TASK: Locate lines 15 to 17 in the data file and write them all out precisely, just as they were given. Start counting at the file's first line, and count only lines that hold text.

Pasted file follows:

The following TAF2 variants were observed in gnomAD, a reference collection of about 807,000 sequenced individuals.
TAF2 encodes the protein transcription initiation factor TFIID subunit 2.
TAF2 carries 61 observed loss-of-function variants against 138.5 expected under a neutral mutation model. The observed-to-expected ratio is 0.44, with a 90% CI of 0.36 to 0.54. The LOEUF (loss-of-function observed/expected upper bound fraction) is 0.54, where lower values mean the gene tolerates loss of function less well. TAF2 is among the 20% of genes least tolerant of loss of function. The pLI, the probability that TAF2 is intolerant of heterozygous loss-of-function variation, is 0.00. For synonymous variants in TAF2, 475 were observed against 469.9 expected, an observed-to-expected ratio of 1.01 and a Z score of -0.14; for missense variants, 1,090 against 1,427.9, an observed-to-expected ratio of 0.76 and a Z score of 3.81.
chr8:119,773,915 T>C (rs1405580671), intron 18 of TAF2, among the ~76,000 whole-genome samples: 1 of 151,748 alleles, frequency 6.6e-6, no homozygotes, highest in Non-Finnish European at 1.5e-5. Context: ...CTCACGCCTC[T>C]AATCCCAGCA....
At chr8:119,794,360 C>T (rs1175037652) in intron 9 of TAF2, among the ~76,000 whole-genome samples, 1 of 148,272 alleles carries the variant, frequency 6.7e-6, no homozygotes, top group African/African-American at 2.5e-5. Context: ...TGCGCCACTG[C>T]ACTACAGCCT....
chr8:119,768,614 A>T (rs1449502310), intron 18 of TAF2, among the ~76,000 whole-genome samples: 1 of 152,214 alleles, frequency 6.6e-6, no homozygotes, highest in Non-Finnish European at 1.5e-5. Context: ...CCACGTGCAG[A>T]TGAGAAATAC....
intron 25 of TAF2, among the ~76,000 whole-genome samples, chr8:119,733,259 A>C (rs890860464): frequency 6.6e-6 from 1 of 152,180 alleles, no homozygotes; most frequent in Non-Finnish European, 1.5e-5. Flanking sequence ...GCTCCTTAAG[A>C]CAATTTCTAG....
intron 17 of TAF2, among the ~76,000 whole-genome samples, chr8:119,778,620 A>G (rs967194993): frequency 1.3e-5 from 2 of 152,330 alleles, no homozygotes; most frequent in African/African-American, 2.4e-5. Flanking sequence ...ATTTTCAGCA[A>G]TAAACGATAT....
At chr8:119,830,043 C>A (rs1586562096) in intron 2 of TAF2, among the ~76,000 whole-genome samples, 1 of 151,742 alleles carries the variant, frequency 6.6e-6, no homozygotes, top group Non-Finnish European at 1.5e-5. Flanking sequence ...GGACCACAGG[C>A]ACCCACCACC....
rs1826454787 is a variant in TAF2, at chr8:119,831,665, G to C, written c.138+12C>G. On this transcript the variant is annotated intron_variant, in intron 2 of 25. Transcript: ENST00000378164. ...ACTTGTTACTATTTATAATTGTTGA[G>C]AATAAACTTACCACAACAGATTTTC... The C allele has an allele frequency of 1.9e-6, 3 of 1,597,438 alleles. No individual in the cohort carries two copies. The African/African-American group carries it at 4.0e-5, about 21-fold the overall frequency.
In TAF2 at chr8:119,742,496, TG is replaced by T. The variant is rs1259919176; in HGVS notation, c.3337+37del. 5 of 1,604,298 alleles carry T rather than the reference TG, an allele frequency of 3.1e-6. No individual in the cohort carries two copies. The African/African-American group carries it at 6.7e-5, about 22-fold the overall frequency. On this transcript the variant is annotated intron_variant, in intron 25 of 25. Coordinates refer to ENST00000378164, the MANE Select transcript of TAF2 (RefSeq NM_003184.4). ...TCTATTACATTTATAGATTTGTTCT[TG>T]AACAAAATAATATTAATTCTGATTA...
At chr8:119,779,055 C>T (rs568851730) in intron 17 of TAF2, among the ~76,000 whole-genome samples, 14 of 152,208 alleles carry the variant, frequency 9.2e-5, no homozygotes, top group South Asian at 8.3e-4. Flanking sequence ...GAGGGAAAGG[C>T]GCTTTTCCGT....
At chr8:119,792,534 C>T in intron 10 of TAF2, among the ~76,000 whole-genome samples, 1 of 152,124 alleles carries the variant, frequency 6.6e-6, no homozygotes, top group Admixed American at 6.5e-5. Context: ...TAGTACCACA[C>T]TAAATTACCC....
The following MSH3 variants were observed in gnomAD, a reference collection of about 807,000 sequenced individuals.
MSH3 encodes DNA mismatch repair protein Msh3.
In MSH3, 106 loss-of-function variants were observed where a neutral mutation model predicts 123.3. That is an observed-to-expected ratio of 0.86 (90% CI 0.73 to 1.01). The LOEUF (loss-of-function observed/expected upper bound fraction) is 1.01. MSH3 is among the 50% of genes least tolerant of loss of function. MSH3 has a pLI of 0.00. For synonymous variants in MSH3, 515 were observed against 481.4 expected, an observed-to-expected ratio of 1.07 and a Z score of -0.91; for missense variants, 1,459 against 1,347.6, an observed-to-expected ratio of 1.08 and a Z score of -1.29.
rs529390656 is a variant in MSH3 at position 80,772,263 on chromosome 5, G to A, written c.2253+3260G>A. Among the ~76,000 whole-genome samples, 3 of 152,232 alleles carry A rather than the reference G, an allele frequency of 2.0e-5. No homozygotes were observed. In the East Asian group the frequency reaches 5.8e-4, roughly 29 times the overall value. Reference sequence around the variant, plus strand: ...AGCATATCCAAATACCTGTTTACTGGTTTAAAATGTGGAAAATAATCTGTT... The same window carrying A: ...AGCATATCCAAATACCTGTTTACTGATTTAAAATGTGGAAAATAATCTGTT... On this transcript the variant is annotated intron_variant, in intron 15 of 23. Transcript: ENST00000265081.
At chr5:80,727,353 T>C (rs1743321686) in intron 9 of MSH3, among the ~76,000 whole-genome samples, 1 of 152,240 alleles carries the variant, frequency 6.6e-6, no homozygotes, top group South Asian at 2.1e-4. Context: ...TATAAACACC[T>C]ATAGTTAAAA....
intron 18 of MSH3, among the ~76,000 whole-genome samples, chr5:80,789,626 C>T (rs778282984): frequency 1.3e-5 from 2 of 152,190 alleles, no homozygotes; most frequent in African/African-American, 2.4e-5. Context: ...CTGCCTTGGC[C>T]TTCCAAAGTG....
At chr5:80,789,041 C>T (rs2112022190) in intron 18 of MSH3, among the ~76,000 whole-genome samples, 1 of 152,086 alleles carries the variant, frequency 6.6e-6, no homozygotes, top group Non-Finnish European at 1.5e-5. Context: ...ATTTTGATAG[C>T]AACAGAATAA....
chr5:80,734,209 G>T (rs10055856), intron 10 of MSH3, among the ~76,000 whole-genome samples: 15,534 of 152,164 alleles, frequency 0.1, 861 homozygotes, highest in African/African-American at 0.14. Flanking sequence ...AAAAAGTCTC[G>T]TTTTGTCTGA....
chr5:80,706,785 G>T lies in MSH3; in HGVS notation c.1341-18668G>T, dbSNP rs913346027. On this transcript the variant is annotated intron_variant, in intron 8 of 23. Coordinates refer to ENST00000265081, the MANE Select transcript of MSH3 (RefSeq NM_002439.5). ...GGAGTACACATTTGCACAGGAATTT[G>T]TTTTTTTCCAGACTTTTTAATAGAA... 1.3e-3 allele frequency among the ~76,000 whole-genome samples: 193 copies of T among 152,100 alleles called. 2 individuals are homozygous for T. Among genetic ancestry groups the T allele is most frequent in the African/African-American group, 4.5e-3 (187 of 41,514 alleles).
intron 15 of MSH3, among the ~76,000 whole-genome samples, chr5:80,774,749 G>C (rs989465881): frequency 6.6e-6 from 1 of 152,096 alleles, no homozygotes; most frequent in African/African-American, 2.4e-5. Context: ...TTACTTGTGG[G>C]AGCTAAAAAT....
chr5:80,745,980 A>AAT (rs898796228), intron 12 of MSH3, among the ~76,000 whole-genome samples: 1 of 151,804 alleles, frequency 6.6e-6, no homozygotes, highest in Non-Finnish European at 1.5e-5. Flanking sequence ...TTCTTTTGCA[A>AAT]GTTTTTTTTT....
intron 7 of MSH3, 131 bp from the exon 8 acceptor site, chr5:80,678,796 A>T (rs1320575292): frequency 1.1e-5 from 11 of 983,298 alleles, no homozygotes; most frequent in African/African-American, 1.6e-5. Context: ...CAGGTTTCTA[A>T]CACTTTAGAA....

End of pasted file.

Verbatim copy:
MSH3 encodes DNA mismatch repair protein Msh3.
In MSH3, 106 loss-of-function variants were observed where a neutral mutation model predicts 123.3. That is an observed-to-expected ratio of 0.86 (90% CI 0.73 to 1.01). The LOEUF (loss-of-function observed/expected upper bound fraction) is 1.01. MSH3 is among the 50% of genes least tolerant of loss of function. MSH3 has a pLI of 0.00. For synonymous variants in MSH3, 515 were observed against 481.4 expected, an observed-to-expected ratio of 1.07 and a Z score of -0.91; for missense variants, 1,459 against 1,347.6, an observed-to-expected ratio of 1.08 and a Z score of -1.29.
rs529390656 is a variant in MSH3 at position 80,772,263 on chromosome 5, G to A, written c.2253+3260G>A. Among the ~76,000 whole-genome samples, 3 of 152,232 alleles carry A rather than the reference G, an allele frequency of 2.0e-5. No homozygotes were observed. In the East Asian group the frequency reaches 5.8e-4, roughly 29 times the overall value. Reference sequence around the variant, plus strand: ...AGCATATCCAAATACCTGTTTACTGGTTTAAAATGTGGAAAATAATCTGTT... The same window carrying A: ...AGCATATCCAAATACCTGTTTACTGATTTAAAATGTGGAAAATAATCTGTT... On this transcript the variant is annotated intron_variant, in intron 15 of 23. Transcript: ENST00000265081.